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6 Frazil ice

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8 After the ice sheet has formed, it will continue to grow through the winter, if the sheet gets thick enough it just thins during the summer. Otherwise it melts.

9 Salinity and Brine When frazil ice crystals form, salt accumulates into droplets called brine, which are typically expelled back into the ocean. This raises the salinity of the near-surface water. Some brine droplets become trapped in pockets between the ice crystals. These droplets are saline, whereas the ice around them is not. The brine remains in a liquid state because much cooler temperatures would be required for it to freeze. At this stage, the sea ice has a high salt content. Over time, the brine drains out, leaving air pockets, and the salinity of the sea ice decreases. Brine can move out of sea ice in diferent ways: Aided by gravity, the brine migrates downward through holes and channels in the ice, eventually emptying back into the ocean.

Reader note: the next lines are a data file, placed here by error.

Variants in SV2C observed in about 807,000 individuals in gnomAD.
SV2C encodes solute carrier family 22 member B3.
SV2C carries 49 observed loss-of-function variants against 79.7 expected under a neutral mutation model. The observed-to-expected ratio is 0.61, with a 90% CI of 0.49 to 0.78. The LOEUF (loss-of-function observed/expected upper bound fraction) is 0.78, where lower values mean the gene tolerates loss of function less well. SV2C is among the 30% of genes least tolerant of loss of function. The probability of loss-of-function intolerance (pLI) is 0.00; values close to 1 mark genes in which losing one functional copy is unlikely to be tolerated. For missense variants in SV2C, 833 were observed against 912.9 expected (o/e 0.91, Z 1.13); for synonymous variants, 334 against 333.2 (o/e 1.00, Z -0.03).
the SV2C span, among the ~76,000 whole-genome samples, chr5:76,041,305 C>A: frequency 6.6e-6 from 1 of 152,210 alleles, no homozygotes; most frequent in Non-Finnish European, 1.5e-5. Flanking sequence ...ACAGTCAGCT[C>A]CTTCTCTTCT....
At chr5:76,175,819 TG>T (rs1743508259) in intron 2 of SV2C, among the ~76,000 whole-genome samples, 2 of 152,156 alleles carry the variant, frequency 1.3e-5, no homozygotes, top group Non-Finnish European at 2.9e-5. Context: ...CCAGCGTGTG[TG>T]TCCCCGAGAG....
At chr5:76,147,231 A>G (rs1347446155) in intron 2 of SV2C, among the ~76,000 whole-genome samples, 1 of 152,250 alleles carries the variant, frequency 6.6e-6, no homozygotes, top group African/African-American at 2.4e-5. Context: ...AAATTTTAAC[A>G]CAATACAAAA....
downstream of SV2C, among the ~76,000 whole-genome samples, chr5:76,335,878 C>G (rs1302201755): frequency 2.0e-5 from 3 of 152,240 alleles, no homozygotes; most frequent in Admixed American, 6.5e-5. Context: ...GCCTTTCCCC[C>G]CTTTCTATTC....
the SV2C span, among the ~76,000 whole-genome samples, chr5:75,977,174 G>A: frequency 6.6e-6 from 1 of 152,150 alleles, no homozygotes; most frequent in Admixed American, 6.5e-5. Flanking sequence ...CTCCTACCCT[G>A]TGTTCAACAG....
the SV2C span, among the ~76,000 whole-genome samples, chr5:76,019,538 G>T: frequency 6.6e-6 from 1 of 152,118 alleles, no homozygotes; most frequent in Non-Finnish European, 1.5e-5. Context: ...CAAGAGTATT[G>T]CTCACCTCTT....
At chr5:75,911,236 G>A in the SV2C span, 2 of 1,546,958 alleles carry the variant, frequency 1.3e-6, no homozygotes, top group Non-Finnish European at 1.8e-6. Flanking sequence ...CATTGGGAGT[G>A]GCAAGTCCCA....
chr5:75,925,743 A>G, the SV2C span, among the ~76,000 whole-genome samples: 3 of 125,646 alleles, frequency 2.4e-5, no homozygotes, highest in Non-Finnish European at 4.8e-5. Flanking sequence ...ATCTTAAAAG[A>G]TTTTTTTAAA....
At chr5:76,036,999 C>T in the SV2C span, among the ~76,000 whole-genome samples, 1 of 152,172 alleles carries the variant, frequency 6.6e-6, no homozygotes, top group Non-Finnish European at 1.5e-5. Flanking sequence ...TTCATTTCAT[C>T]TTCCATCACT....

10 The ice surrounding the brine compresses and breaks the brine pockets, allowing the brine to escape to the ocean. When the sea ice begins to melt during the summer, small freshwater ponds (called melt ponds) form on the top layer of the ice. This freshwater travels through the cracks and holes in the ice, washing out remaining brine. When the sea ice surface cools, brine increases in salinity to the point at which it can melt ice at its underside. This leads to a downward migration of brine droplets, ultimately allowing the brine to escape into the ocean below the ice sheet.

11 The expulsion of salt from the freezing water makes the water under the ice denser, driving the more saline water to the bottom. This action is what drives ocean currents around the world.

12 Multi-year Ice Multi-year ice has properties that distinguish it from first year ice. Multi-year ice contains less brine and more air pockets, this makes the ice “stiffer.” Ice breakers find this “stiffer” ice harder to navigate. Hummocks of multiyear ice that are several years old are fresh enough that someone could drink their melted water. In fact, multiyear ice often supplies the fresh water needed for polar expeditions. First-year and multiyear ice have different electromagnetic properties that satellite sensors can detect, allowing scientists to distinguish the two.